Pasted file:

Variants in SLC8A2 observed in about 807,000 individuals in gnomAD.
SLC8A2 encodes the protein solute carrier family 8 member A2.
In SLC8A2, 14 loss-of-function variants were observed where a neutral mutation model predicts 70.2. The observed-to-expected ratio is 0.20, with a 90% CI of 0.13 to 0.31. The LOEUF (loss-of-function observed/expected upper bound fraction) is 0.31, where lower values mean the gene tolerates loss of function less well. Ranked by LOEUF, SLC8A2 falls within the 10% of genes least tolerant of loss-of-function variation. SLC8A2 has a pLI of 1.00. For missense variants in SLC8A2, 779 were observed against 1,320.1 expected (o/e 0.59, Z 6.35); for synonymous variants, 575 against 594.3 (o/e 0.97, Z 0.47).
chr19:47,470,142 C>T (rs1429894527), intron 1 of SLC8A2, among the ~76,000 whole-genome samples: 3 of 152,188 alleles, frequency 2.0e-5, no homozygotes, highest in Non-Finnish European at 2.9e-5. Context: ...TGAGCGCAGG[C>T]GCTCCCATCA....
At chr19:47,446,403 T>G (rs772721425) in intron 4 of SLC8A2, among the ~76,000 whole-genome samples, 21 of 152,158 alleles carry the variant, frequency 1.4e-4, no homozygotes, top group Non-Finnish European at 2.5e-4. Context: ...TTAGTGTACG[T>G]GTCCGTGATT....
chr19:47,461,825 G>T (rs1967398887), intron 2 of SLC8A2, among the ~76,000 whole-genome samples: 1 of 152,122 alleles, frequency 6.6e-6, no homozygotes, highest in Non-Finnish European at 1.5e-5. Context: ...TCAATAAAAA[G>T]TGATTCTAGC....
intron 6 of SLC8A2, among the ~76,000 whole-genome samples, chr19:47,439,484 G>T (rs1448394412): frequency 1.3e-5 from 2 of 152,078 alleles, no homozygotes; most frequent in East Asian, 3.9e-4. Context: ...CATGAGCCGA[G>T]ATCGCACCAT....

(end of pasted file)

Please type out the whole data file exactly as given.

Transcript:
Variants in SLC8A2 observed in about 807,000 individuals in gnomAD.
SLC8A2 encodes the protein solute carrier family 8 member A2.
In SLC8A2, 14 loss-of-function variants were observed where a neutral mutation model predicts 70.2. The observed-to-expected ratio is 0.20, with a 90% CI of 0.13 to 0.31. The LOEUF (loss-of-function observed/expected upper bound fraction) is 0.31, where lower values mean the gene tolerates loss of function less well. Ranked by LOEUF, SLC8A2 falls within the 10% of genes least tolerant of loss-of-function variation. SLC8A2 has a pLI of 1.00. For missense variants in SLC8A2, 779 were observed against 1,320.1 expected (o/e 0.59, Z 6.35); for synonymous variants, 575 against 594.3 (o/e 0.97, Z 0.47).
chr19:47,470,142 C>T (rs1429894527), intron 1 of SLC8A2, among the ~76,000 whole-genome samples: 3 of 152,188 alleles, frequency 2.0e-5, no homozygotes, highest in Non-Finnish European at 2.9e-5. Context: ...TGAGCGCAGG[C>T]GCTCCCATCA....
At chr19:47,446,403 T>G (rs772721425) in intron 4 of SLC8A2, among the ~76,000 whole-genome samples, 21 of 152,158 alleles carry the variant, frequency 1.4e-4, no homozygotes, top group Non-Finnish European at 2.5e-4. Context: ...TTAGTGTACG[T>G]GTCCGTGATT....
chr19:47,461,825 G>T (rs1967398887), intron 2 of SLC8A2, among the ~76,000 whole-genome samples: 1 of 152,122 alleles, frequency 6.6e-6, no homozygotes, highest in Non-Finnish European at 1.5e-5. Context: ...TCAATAAAAA[G>T]TGATTCTAGC....
intron 6 of SLC8A2, among the ~76,000 whole-genome samples, chr19:47,439,484 G>T (rs1448394412): frequency 1.3e-5 from 2 of 152,078 alleles, no homozygotes; most frequent in East Asian, 3.9e-4. Context: ...CATGAGCCGA[G>T]ATCGCACCAT....